Watching Ivo van Hove’s spellbinding four hours and a half staging of the three Shakespeare’s plays about the English kings, Henry V, Henry VI and Richard III, all flowing one into the other, you span two wars, the hundred years war and the War of the Roses, and about one hundred years of history, presented with wit and humor but in a contemporary current affair broadcast style. Van Hove divides the action between the front stage and the backstage, watched by a video camera that streams video to a large screen, bringing the audience to the blighted corridors of the Tower where the dark secrets of power are played and princes are killed to satisfy the rulers’ lust of power. The resemblance to our current politics is intended and subtly occasionally inserted. The hidden secrets that crafts power are happening in the 15th century’s London or in the contemporary Washington? Comparing with the six hours marathon of the Roman Tragedies presented several years ago at the BAM this series is more focused keeping the audience in their chairs, instead of mingling with the actors on stage and ordering cappuccinos, and the effect is so powerful that you don’t even feel when the first part’s almost three hours pass till the intermission.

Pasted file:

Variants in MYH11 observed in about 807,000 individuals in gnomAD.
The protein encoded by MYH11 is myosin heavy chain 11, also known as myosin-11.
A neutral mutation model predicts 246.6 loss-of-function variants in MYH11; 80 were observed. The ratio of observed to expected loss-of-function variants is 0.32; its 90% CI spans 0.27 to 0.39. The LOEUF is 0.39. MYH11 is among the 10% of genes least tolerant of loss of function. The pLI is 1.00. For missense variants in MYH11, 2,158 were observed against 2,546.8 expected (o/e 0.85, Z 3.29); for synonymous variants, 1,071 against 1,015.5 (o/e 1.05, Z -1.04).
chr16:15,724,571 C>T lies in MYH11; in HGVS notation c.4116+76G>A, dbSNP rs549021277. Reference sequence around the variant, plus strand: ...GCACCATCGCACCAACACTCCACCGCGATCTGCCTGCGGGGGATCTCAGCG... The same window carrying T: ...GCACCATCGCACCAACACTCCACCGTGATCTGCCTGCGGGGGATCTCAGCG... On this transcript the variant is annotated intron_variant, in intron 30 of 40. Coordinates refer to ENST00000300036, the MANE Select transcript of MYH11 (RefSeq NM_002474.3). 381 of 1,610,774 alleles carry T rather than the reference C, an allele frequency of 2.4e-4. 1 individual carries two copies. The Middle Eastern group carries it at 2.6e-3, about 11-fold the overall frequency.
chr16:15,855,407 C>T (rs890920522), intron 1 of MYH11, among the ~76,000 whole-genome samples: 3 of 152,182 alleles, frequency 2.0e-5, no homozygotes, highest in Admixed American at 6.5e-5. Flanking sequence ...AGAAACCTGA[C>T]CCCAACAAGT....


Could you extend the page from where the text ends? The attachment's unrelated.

In the second part Richard, probably the best Richard I ever saw on stage, a con of his times, keeps alluding that cons are perennials, his traits being so similar with our contemporary one whose lust of power drives him to run trying to become king. In a spat of fury toward the queen who could not be cowed to his wishes, Richard moves away from the Shakespearean text and adapts it to today’s version adding through invective and insults, “such a nasty woman”.